DIGITAL TIMER ENHANCEMENT

RAJ K.GORKHALI

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This simple circuit automatically activates or deactivates an electronic device at the time of alarm preset in a clock. When the alarm rings, the tone burst generated at the terminal of the buzzer triggers the circuit and the relay energises or de-energises to switch on or switch off the load.

The circuit is built around ICs CD40106 (IC1) and CD4017 (IC2) and a few discrete components. IC1 is a hex Schmitt trigger, while IC2 is a decade counter. The circuit works off regulated 6V power supply, while the alarm clock runs off its own 1.5V battery.

The tone burst generated at the piezobuzzer is tapped from its connection points. The positive terminal of the clock buzzer is connected to the base of transistor T1 and the negative terminal is connected to ground of the circuit.

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When the alarm clock sounds, the signal from the clock buzzer makes transistor T1 conduct. As a result, pin 1 of gate N1 goes low and it outputs high at pin 2. This low-to-high transition clocks the counter (IC2) at pin 14 through diode D1 and gate N2. In this way, IC2 advances by one at each clock produced due to the sounding alarm.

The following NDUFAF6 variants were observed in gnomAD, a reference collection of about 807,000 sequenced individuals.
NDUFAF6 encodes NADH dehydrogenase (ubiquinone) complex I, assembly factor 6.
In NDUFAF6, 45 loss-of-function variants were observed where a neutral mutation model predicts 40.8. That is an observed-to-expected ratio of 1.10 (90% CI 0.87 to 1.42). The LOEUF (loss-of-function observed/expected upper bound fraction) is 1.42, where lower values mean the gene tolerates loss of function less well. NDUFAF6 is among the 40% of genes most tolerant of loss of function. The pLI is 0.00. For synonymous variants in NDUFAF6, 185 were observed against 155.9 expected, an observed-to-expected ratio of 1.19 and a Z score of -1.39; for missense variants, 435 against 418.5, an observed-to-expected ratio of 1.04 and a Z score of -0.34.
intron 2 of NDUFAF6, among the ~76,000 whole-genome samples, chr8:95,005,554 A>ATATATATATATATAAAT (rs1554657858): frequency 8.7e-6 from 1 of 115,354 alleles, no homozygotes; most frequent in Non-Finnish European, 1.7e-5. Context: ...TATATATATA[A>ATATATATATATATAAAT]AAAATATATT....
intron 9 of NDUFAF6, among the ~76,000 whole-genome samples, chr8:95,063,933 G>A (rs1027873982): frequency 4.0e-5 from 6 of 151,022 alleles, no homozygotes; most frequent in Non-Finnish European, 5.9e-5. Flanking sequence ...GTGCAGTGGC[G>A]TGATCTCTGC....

There are two situations where this circuit can be used:
1. You want an appliance or gadget to switch on automatically at a preset time
2. You switch on an appliance or gadget manually at a particular time and want it to switch off automatically at a preset time .

Let us see how it works when you want your appliance to switch on at a preset time, say, 3 pm. Set the alarm in your clock to 3 pm and slide switch S3 towards Q1. When the alarm sounds at 3 pm, Q0 output of IC2 advances to Q1 and relay RL1 energises to connect the load (appliance) to mains power supply through its contacts. The load remains ‘on’ until you reset IC2 by momentarily pressing S1. At this time, you need to pause the alarm using pause switch of the clock.